Anyway, a more practical point… I don’t believe the act of sitting on one’s ass is the key thing. It’s one’s direction: WHY are you sitting on your ass? If you’re doing it because you want to get something, I’m not sure that makes anyone better. If you’re doing it to deeply question, or to help suffering beings, that might be different.

    It’s like “Creation Science.” You may put on a white lab coat and talk and act AS IF you’re a scientist, but if you’re defending a dogma (rather than openly seeking truth), you’re really not. Likewise, you can look like a Buddhist on the outside, but if you’re not putting down I/my/me, what’s the point?


  10. Stuart
    Stuart January 9, 2007 at 5:14 pm |

    To “anonymous” who wrote about Salvia above… Lord Jesus Christ, have mercy on this poor sinner. I do get a handful of website visitors who are inspired to try Salvia and email me about it. Buyer beware. I’m surely going to hell for this. Or maybe heaven.

    From my “spiritual” web page, go to the home page (link at bottom) to email me or sign the guestbook with your email address. I’m happy to talk more about it off this board.


  11. Drunken Monkey
    Drunken Monkey January 9, 2007 at 10:07 pm |

    This comment has been removed by a blog administrator.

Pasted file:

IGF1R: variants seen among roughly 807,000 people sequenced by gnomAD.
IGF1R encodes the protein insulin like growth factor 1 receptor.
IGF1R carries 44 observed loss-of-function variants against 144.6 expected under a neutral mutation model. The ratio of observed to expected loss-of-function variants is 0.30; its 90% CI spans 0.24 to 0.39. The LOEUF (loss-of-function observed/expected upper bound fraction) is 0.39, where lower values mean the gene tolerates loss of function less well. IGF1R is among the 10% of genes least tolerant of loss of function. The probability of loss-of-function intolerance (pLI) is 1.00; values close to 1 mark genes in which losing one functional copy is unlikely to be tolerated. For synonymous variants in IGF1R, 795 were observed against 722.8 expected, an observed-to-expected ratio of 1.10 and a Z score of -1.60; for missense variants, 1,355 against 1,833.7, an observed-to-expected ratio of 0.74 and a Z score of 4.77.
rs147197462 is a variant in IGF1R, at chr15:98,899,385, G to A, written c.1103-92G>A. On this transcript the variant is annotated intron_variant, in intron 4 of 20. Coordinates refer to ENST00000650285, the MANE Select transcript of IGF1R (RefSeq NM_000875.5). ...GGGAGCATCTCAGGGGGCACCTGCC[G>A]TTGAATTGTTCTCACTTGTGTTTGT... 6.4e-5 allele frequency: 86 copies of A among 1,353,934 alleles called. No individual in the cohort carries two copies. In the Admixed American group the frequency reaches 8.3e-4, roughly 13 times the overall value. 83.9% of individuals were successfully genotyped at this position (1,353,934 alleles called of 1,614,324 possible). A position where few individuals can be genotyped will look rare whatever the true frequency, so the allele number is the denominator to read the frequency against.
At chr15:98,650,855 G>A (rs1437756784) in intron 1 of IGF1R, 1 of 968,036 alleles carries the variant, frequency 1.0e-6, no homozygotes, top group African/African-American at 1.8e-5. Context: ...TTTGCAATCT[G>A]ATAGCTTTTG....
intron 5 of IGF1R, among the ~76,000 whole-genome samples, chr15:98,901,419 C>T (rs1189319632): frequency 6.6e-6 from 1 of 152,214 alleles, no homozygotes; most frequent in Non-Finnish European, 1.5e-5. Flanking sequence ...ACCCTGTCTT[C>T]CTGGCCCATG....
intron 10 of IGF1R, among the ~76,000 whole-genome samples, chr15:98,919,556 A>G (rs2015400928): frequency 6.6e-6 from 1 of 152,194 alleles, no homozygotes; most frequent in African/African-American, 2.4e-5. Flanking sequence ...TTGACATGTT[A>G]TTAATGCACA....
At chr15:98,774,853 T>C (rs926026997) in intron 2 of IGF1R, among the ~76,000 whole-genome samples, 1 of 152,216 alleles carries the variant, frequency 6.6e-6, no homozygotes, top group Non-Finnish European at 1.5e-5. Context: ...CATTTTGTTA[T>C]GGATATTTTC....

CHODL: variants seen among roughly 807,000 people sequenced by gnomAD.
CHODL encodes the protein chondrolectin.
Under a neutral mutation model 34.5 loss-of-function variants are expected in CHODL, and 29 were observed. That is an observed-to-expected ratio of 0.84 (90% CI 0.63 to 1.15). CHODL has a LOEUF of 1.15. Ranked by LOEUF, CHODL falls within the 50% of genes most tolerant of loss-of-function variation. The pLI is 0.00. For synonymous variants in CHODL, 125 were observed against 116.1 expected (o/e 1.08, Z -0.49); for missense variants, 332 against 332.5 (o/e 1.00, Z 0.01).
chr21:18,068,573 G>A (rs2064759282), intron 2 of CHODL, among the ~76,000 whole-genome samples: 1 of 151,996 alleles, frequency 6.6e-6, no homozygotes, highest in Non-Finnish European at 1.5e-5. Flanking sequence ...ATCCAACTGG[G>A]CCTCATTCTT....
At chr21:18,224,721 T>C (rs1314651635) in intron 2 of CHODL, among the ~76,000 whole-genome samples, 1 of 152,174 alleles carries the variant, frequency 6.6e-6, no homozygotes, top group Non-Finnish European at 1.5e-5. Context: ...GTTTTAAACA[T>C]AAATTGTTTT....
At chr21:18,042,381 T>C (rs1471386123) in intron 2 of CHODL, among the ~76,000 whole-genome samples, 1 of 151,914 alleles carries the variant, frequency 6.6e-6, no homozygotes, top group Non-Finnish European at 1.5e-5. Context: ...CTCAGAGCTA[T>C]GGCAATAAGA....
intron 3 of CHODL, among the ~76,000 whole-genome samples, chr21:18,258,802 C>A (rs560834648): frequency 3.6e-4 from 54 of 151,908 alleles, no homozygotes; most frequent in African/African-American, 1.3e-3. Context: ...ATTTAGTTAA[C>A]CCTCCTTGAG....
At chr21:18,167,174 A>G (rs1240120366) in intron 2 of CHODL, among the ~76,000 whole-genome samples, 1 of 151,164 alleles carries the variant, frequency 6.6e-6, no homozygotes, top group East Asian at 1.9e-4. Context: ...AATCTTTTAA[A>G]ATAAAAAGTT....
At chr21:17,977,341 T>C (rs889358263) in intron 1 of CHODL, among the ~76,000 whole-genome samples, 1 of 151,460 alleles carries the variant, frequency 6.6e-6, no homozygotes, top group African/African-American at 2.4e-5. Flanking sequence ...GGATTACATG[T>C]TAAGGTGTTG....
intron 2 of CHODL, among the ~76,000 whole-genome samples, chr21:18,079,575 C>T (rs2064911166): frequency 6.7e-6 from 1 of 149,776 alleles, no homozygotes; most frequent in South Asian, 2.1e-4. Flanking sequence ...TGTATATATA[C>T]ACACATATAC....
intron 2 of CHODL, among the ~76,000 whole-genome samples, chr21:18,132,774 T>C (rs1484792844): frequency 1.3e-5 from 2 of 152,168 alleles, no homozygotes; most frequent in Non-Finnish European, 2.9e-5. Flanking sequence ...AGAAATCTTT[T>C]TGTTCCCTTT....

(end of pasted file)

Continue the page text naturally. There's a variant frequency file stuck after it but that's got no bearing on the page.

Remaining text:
12. Anonymous
    Anonymous January 10, 2007 at 5:40 am |

    Great answer, Stuart, on the question
    of the amount of assholishness before
    and after 20 years of sitting, but I
    thought that a “good teacher” was
    supposed to be the essential
    ingredient (or crucial catalyst) that
    would allow a long-time student to
    substantially zero out the majority
    of assholishness that he or she began
    with. But I guess not.

  13. Anonymous
    Anonymous January 10, 2007 at 5:41 am |

    Great answer, Stuart, on the question
    of the amount of assholishness before
    and after 20 years of sitting, but I
    thought that a “good teacher” was
    supposed to be the essential
    ingredient (or crucial catalyst) that
    would allow a long-time student to
    substantially zero out the majority
    of assholishness that he or she began
    with. But I guess not.

  14. Anonymous
    Anonymous January 13, 2007 at 3:23 am |

    Who cares if Brad or Linda is “enlightened”(which, by the way, we all are)? If you choose to bicker over such stupid things you are miles off the mark. Practice. Here. Now.
    If something is wrong with reality, whatever’s wrong is not reality, Guy

  15. Katie
    Katie January 14, 2007 at 11:37 am |

    there is no good place to post this random comment… so here

    I’m just a little confused. There’s so many different beliefs and ideas about buddhism and zen, and so many different ways to practice… but I thought the whole point was just to sit. Just the action, not the thought. So why do I feel like I need to research the hell out of everything before I commit myself to zazen? If this practice is what I love and what I believe, should I bother to look into all the other stuff? Is it even about belief? I’ve been reading a lot of this blog (I just found it about a week ago) and other stuff, and it’s making me think way too much about what was so clear to me before and I’m really not sure if that’s a good thing. It’s good to question everything, but to what extent?

  16. Anonymous
    Anonymous January 15, 2007 at 5:58 am |

    Dear Katie,
    There are many ways to the same path. Every school of Buddhism teaches the same dharma, just not the same way.